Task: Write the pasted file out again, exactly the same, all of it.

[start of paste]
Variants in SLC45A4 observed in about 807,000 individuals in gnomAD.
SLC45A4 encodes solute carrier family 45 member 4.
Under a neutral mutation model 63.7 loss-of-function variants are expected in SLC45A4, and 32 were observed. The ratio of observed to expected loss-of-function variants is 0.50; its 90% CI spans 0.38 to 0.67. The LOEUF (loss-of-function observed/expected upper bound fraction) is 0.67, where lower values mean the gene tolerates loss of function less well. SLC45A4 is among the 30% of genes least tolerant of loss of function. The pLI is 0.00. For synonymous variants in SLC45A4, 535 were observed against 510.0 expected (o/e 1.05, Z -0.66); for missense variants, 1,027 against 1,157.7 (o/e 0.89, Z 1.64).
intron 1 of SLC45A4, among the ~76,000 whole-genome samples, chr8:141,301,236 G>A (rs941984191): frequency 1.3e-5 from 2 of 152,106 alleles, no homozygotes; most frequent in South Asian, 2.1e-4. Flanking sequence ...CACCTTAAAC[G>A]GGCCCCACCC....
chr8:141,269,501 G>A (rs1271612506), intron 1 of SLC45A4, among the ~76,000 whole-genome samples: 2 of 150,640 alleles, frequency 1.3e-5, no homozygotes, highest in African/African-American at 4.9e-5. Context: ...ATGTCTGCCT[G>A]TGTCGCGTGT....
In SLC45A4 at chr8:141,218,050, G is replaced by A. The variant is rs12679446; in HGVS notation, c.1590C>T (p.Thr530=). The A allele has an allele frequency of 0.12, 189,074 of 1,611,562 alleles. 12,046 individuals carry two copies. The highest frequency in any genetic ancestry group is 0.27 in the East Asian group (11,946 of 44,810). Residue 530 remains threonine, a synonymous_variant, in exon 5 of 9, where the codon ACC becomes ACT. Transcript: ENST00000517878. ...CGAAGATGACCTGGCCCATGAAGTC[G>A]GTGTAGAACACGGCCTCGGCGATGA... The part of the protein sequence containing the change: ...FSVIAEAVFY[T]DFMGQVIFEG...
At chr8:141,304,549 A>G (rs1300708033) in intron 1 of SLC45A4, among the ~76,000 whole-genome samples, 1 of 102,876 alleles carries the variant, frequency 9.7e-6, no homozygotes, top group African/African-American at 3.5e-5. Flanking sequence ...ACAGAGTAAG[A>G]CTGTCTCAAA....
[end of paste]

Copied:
Variants in SLC45A4 observed in about 807,000 individuals in gnomAD.
SLC45A4 encodes solute carrier family 45 member 4.
Under a neutral mutation model 63.7 loss-of-function variants are expected in SLC45A4, and 32 were observed. The ratio of observed to expected loss-of-function variants is 0.50; its 90% CI spans 0.38 to 0.67. The LOEUF (loss-of-function observed/expected upper bound fraction) is 0.67, where lower values mean the gene tolerates loss of function less well. SLC45A4 is among the 30% of genes least tolerant of loss of function. The pLI is 0.00. For synonymous variants in SLC45A4, 535 were observed against 510.0 expected (o/e 1.05, Z -0.66); for missense variants, 1,027 against 1,157.7 (o/e 0.89, Z 1.64).
intron 1 of SLC45A4, among the ~76,000 whole-genome samples, chr8:141,301,236 G>A (rs941984191): frequency 1.3e-5 from 2 of 152,106 alleles, no homozygotes; most frequent in South Asian, 2.1e-4. Flanking sequence ...CACCTTAAAC[G>A]GGCCCCACCC....
chr8:141,269,501 G>A (rs1271612506), intron 1 of SLC45A4, among the ~76,000 whole-genome samples: 2 of 150,640 alleles, frequency 1.3e-5, no homozygotes, highest in African/African-American at 4.9e-5. Context: ...ATGTCTGCCT[G>A]TGTCGCGTGT....
In SLC45A4 at chr8:141,218,050, G is replaced by A. The variant is rs12679446; in HGVS notation, c.1590C>T (p.Thr530=). The A allele has an allele frequency of 0.12, 189,074 of 1,611,562 alleles. 12,046 individuals carry two copies. The highest frequency in any genetic ancestry group is 0.27 in the East Asian group (11,946 of 44,810). Residue 530 remains threonine, a synonymous_variant, in exon 5 of 9, where the codon ACC becomes ACT. Transcript: ENST00000517878. ...CGAAGATGACCTGGCCCATGAAGTC[G>A]GTGTAGAACACGGCCTCGGCGATGA... The part of the protein sequence containing the change: ...FSVIAEAVFY[T]DFMGQVIFEG...
At chr8:141,304,549 A>G (rs1300708033) in intron 1 of SLC45A4, among the ~76,000 whole-genome samples, 1 of 102,876 alleles carries the variant, frequency 9.7e-6, no homozygotes, top group African/African-American at 3.5e-5. Flanking sequence ...ACAGAGTAAG[A>G]CTGTCTCAAA....